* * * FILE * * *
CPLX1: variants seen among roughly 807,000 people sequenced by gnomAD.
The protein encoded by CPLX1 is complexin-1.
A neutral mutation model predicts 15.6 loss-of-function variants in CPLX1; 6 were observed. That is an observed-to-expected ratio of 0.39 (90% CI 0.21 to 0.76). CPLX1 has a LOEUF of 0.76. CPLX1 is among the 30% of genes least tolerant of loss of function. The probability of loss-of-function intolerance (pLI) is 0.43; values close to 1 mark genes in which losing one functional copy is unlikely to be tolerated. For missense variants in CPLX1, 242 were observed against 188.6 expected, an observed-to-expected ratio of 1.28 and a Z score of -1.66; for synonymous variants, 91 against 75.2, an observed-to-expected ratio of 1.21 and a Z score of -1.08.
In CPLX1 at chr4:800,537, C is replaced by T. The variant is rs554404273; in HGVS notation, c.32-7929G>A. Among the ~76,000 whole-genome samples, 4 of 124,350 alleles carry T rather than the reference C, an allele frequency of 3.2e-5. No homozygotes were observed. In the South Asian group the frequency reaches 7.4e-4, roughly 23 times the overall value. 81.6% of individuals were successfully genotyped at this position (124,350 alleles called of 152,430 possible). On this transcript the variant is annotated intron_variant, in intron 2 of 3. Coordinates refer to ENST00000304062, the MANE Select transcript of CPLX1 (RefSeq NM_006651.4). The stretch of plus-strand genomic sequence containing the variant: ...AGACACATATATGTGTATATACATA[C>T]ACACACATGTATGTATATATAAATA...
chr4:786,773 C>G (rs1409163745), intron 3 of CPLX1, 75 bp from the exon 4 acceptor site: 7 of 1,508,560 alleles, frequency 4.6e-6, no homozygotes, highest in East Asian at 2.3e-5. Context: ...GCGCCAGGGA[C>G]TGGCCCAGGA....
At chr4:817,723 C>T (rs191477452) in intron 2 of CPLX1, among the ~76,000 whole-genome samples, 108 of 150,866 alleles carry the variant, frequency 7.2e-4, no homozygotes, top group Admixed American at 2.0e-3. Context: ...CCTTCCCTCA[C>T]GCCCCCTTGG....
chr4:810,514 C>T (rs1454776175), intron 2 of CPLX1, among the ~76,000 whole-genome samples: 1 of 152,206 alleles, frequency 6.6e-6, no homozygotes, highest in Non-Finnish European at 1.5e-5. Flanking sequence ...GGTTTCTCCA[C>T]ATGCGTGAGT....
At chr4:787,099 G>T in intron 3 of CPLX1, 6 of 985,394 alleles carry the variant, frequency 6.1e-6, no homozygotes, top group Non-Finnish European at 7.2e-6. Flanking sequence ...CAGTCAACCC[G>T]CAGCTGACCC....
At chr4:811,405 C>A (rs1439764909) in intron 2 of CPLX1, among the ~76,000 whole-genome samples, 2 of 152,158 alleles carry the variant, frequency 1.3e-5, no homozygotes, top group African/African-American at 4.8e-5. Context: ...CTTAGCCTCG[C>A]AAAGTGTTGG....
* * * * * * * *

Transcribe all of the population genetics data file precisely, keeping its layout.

CPLX1: variants seen among roughly 807,000 people sequenced by gnomAD.
The protein encoded by CPLX1 is complexin-1.
A neutral mutation model predicts 15.6 loss-of-function variants in CPLX1; 6 were observed. That is an observed-to-expected ratio of 0.39 (90% CI 0.21 to 0.76). CPLX1 has a LOEUF of 0.76. CPLX1 is among the 30% of genes least tolerant of loss of function. The probability of loss-of-function intolerance (pLI) is 0.43; values close to 1 mark genes in which losing one functional copy is unlikely to be tolerated. For missense variants in CPLX1, 242 were observed against 188.6 expected, an observed-to-expected ratio of 1.28 and a Z score of -1.66; for synonymous variants, 91 against 75.2, an observed-to-expected ratio of 1.21 and a Z score of -1.08.
In CPLX1 at chr4:800,537, C is replaced by T. The variant is rs554404273; in HGVS notation, c.32-7929G>A. Among the ~76,000 whole-genome samples, 4 of 124,350 alleles carry T rather than the reference C, an allele frequency of 3.2e-5. No homozygotes were observed. In the South Asian group the frequency reaches 7.4e-4, roughly 23 times the overall value. 81.6% of individuals were successfully genotyped at this position (124,350 alleles called of 152,430 possible). On this transcript the variant is annotated intron_variant, in intron 2 of 3. Coordinates refer to ENST00000304062, the MANE Select transcript of CPLX1 (RefSeq NM_006651.4). The stretch of plus-strand genomic sequence containing the variant: ...AGACACATATATGTGTATATACATA[C>T]ACACACATGTATGTATATATAAATA...
chr4:786,773 C>G (rs1409163745), intron 3 of CPLX1, 75 bp from the exon 4 acceptor site: 7 of 1,508,560 alleles, frequency 4.6e-6, no homozygotes, highest in East Asian at 2.3e-5. Context: ...GCGCCAGGGA[C>G]TGGCCCAGGA....
At chr4:817,723 C>T (rs191477452) in intron 2 of CPLX1, among the ~76,000 whole-genome samples, 108 of 150,866 alleles carry the variant, frequency 7.2e-4, no homozygotes, top group Admixed American at 2.0e-3. Context: ...CCTTCCCTCA[C>T]GCCCCCTTGG....
chr4:810,514 C>T (rs1454776175), intron 2 of CPLX1, among the ~76,000 whole-genome samples: 1 of 152,206 alleles, frequency 6.6e-6, no homozygotes, highest in Non-Finnish European at 1.5e-5. Flanking sequence ...GGTTTCTCCA[C>T]ATGCGTGAGT....
At chr4:787,099 G>T in intron 3 of CPLX1, 6 of 985,394 alleles carry the variant, frequency 6.1e-6, no homozygotes, top group Non-Finnish European at 7.2e-6. Flanking sequence ...CAGTCAACCC[G>T]CAGCTGACCC....
At chr4:811,405 C>A (rs1439764909) in intron 2 of CPLX1, among the ~76,000 whole-genome samples, 2 of 152,158 alleles carry the variant, frequency 1.3e-5, no homozygotes, top group African/African-American at 4.8e-5. Context: ...CTTAGCCTCG[C>A]AAAGTGTTGG....